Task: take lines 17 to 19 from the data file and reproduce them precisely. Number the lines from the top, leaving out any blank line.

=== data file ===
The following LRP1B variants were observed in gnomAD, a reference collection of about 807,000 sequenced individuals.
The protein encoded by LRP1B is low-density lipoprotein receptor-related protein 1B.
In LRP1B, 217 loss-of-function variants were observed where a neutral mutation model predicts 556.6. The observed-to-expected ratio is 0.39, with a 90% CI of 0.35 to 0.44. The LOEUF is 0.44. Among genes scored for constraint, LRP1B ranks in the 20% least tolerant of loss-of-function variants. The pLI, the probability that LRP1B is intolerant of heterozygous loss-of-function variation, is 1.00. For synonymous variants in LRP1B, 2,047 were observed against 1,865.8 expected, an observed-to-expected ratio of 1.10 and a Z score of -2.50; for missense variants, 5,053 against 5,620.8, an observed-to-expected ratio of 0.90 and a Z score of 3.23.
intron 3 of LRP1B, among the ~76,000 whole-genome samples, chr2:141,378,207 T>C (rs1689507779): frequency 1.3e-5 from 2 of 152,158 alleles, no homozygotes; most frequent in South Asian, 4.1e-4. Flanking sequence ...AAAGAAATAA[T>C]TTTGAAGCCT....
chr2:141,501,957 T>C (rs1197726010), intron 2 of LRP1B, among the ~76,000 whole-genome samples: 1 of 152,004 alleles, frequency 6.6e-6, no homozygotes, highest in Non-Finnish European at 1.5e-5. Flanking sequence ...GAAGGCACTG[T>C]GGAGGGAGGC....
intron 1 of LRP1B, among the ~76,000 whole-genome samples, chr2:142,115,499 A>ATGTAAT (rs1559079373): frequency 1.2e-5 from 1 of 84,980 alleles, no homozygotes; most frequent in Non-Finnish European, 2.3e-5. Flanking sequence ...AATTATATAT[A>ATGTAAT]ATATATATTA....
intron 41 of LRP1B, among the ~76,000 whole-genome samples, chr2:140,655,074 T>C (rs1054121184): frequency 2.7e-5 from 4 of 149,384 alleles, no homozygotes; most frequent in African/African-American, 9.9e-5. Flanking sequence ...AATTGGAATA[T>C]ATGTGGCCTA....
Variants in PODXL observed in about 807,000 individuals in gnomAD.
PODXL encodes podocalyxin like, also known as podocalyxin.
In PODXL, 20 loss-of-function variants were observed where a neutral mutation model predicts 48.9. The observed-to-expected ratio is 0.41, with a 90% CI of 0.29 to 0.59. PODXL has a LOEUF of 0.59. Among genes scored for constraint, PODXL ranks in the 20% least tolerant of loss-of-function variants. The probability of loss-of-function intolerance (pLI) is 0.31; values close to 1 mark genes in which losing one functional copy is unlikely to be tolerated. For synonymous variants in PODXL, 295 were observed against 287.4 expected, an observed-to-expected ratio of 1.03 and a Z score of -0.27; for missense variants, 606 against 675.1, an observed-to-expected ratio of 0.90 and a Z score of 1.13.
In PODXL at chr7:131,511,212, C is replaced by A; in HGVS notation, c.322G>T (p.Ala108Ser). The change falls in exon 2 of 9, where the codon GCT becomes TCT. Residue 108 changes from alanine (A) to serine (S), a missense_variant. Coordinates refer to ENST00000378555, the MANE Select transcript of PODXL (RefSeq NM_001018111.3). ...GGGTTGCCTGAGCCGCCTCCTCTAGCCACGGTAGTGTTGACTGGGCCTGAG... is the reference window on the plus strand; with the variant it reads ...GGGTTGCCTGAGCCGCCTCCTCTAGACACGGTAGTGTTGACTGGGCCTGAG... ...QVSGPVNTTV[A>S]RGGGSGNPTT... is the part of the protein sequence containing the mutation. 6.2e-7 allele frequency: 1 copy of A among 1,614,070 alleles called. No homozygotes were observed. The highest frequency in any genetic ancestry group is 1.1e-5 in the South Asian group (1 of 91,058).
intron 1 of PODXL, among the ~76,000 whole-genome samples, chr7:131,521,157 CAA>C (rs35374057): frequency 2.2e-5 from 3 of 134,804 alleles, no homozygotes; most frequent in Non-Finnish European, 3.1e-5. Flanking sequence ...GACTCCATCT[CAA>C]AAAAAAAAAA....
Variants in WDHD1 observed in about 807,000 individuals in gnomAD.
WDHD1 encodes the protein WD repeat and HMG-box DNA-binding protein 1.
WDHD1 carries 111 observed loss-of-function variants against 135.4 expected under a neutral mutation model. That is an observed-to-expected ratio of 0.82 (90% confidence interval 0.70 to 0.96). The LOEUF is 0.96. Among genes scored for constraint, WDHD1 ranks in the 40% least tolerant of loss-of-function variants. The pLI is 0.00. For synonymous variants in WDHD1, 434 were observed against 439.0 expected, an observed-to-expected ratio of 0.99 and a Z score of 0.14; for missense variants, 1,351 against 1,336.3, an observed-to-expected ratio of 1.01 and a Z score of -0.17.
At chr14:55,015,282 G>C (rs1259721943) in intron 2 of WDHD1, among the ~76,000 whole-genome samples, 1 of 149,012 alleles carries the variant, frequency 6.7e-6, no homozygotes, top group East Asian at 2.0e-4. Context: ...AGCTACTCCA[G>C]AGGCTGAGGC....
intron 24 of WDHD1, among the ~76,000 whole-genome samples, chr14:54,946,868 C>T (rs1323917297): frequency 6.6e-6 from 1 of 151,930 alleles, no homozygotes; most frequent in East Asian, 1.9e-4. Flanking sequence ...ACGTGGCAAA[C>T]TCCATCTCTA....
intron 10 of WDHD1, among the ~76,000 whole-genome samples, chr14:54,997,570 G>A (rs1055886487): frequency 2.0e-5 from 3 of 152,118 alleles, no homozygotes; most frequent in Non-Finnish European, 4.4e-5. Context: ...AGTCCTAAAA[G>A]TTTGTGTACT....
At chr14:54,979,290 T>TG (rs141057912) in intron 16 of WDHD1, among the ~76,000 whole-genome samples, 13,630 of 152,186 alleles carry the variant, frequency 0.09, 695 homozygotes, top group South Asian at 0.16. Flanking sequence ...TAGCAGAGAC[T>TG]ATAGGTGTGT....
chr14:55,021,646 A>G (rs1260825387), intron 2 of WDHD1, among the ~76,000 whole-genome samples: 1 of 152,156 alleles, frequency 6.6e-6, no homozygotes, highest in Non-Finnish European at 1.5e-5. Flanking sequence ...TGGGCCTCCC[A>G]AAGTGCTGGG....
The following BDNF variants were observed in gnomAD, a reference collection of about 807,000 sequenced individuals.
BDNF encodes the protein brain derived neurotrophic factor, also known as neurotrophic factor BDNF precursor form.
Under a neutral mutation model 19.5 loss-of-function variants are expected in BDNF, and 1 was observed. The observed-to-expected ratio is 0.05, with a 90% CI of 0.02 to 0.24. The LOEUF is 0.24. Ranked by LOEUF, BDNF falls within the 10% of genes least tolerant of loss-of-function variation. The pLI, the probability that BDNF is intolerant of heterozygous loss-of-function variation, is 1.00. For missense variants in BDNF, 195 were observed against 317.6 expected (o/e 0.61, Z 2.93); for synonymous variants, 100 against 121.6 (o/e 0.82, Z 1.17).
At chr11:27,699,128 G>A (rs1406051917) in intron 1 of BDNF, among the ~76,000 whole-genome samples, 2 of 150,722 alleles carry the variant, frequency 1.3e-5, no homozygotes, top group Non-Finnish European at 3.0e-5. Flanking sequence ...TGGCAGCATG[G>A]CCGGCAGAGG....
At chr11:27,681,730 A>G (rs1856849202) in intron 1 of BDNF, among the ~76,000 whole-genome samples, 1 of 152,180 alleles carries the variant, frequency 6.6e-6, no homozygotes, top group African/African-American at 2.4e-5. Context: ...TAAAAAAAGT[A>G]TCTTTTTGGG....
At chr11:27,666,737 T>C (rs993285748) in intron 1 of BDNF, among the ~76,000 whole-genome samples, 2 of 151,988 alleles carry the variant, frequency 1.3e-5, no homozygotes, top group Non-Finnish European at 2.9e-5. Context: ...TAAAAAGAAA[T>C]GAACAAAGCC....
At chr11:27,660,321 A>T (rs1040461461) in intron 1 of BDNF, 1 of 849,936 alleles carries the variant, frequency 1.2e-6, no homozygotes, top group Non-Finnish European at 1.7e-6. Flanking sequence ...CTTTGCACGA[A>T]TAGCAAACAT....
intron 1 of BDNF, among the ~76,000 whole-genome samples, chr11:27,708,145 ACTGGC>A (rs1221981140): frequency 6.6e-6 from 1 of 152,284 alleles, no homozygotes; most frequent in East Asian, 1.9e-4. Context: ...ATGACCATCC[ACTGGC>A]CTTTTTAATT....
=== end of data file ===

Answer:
intron 24 of WDHD1, among the ~76,000 whole-genome samples, chr14:54,946,868 C>T (rs1323917297): frequency 6.6e-6 from 1 of 151,930 alleles, no homozygotes; most frequent in East Asian, 1.9e-4. Flanking sequence ...ACGTGGCAAA[C>T]TCCATCTCTA....
intron 10 of WDHD1, among the ~76,000 whole-genome samples, chr14:54,997,570 G>A (rs1055886487): frequency 2.0e-5 from 3 of 152,118 alleles, no homozygotes; most frequent in Non-Finnish European, 4.4e-5. Context: ...AGTCCTAAAA[G>A]TTTGTGTACT....
At chr14:54,979,290 T>TG (rs141057912) in intron 16 of WDHD1, among the ~76,000 whole-genome samples, 13,630 of 152,186 alleles carry the variant, frequency 0.09, 695 homozygotes, top group South Asian at 0.16. Flanking sequence ...TAGCAGAGAC[T>TG]ATAGGTGTGT....